Limit Handling

CoreWallet provides generic limit handling that can be used by business processes to define limits for certain events or transactions.

Limit examples

The following list shows a few possible limits that can be defined with the limit module:

  • The maximum number of failed login attempts per timeframe
  • The maximum number of wallet-accounts that can be created for a wallet
  • The minimum funding amount for a given currency
  • The maximum number of purchases in status 'in progress'
  • The maximum amount receivable via P2P-transactions per timeframe
  • The minimum account balance for a given currency
  • The maximum account turn over for a given currency in a given timeframe

Limit Groups

Limit Definitions can be grouped in Limit Groups, so that for specific wallets you can define non-standard limits. Wallets can be optionally assigned to a specific Limit Group, instead of using the subsidiary-default Limit Group.

Limit Definitions

The limit module provides Limit Definitions that define how a limit is determined for a given context.

The following parameters are used to determine if a Limit Definition applies to a given context:

  • Subsidiary - if set, the limit will only apply to wallets/accounts that belong to the given subsidiary
  • Limit group - if set, the limit will only apply when the wallet/account belongs to the given Limit Group
  • Custom type - if set, the limit will only apply for transactions with the given custom-type (which is an extension point)
  • Limit context - defines the transactional context that the limit applies to, e.g. funding a wallet. The set of limit context values can be extended to allow to define limits for product-specific transaction processes.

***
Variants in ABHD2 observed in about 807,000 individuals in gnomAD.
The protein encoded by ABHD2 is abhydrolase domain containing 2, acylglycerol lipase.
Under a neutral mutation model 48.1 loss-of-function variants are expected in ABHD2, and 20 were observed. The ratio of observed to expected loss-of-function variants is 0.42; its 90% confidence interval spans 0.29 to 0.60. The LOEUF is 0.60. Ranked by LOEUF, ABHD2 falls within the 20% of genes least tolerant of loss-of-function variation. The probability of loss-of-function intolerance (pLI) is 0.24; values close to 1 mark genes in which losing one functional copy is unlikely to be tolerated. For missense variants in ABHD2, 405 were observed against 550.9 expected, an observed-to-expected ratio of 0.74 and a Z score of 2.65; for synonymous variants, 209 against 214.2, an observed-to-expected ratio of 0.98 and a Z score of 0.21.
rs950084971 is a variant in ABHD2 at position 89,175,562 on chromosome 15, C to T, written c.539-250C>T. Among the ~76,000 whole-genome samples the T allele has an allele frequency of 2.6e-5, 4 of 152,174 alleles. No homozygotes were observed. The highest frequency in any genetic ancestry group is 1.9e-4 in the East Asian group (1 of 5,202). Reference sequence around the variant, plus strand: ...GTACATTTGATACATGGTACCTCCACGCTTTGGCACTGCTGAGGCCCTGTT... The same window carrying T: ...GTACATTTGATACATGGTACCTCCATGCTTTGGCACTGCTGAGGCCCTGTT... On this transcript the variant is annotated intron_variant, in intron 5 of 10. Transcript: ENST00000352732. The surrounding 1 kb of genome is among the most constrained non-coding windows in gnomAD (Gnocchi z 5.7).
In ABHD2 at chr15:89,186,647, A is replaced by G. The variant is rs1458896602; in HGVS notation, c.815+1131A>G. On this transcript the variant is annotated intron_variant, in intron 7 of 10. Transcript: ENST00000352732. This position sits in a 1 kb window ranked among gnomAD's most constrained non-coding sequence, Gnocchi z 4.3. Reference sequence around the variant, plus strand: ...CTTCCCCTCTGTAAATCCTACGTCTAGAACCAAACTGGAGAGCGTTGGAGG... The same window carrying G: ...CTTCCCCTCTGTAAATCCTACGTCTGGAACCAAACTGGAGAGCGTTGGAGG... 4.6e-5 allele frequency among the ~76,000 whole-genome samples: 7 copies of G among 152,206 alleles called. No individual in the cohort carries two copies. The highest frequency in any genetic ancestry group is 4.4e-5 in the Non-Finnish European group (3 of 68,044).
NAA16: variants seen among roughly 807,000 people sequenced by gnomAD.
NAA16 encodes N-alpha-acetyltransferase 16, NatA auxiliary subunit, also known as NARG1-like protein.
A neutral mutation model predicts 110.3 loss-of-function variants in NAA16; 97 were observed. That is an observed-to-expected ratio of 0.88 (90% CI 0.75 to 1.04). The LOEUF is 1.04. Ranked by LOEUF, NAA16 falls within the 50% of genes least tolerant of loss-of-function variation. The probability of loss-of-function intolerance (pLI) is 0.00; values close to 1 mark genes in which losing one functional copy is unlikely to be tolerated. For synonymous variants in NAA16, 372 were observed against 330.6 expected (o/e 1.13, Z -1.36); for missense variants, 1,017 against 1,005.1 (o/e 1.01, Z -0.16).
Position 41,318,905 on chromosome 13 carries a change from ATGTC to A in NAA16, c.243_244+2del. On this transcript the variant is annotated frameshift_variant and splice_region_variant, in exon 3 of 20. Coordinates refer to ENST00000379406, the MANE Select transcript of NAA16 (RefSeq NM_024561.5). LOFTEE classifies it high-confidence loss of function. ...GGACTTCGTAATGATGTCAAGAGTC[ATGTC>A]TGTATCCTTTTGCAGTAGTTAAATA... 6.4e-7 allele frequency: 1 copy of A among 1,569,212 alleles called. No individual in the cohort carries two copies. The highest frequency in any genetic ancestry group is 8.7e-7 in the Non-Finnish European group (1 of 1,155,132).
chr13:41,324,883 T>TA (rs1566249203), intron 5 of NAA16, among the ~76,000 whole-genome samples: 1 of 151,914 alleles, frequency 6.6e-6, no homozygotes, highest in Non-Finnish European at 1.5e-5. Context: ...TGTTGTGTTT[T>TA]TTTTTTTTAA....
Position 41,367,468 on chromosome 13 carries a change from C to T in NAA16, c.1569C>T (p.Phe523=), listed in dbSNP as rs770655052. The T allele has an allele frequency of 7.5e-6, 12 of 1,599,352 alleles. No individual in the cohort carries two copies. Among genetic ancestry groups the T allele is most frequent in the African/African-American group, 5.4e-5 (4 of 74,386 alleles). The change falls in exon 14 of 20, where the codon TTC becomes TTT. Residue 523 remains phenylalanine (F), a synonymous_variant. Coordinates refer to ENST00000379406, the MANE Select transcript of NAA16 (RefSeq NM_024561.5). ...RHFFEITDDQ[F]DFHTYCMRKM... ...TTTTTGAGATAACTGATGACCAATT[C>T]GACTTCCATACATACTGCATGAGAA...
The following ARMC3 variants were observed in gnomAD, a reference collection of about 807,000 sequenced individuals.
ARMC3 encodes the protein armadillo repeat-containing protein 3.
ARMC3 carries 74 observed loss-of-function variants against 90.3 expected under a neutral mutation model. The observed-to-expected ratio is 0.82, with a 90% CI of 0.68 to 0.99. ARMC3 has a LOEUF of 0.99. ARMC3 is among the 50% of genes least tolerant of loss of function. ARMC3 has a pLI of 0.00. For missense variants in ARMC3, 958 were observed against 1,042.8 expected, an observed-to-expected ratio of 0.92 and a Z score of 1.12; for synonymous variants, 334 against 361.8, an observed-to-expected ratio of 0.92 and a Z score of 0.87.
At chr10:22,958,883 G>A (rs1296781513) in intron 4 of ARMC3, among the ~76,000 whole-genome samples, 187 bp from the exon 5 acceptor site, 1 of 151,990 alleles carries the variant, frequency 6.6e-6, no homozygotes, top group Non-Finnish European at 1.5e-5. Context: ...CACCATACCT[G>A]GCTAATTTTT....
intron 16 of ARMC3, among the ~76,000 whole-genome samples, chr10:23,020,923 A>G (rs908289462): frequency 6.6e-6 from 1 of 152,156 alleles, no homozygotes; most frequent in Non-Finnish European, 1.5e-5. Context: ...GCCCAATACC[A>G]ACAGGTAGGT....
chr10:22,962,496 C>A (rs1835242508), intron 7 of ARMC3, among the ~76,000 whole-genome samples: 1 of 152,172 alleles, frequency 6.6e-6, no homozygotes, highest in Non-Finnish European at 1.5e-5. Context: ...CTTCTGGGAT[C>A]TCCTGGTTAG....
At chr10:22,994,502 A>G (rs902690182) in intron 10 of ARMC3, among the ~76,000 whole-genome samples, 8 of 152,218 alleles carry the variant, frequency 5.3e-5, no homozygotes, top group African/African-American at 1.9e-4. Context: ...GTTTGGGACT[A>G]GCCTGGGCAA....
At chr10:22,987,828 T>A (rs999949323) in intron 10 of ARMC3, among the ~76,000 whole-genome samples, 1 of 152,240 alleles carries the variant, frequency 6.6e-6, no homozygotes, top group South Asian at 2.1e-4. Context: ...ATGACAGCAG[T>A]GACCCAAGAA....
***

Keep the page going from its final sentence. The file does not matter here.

• Currency - if set, the limit will only apply to transactions with the given currency
  • Wallet country - if set, the limit will only apply for wallets in the given country
  • Wallet type - if set, the limit will only apply for wallets with the given type (e.g. full or guest)
  • User verification level - if set, the limit will only apply for users that have the given verification level (e.g. unverified or verified)
  • Timestamp range - if set, the limit will only be applied if the current timestamp is in the given range

Each Limit Definition specifies the actual limit amount that some calculated value will be checked against, what type of limit should be checked (count, amount) and what timeframe the limit applies to (e.g. single transaction, or a timeframe). The timeframe can be either relative to the current timestamp (e.g. the last 24 hours) or semi-relative to the current timestamp (e.g. the current year).

Limit calculation

The Limit Definitions only define the limits, but the actual calculation is typically business process specific, and requires the implementation of several interfaces for each business process that wants to use the limit module.

The LimitCheckService is the main interface for calculating and checking limits. It has several relevant methods:

  • getLimitsViolated() - checks all applicable limits and returns the limits that are violated
  • checkLimits() - checks all applicable limits and throws an exception if at least one limit was violated
  • getLimitRangeSummary() - finds all applicable limits and returns an overview of the limit ranges that apply. This is typically used to determine the delta for a given value until a limit is reached (e.g. how much can the wallet still be funded this month?).

Each method takes a LimitDataProviderContext as input, which contains all required context data for finding relevant Limit Definitions and calculating actual limit values, e.g. the transaction amount, the wallet account and any additional business process specific data required for the calculation.

The LimitCheckService creates a LimitDataProvider instance based on the LimitDataProviderContext, and uses that to calculate all required limit values based on the relevant Limit Definitions. To be able to do this, each business process using the limit module registers a LimitDataProviderFactory at application startup.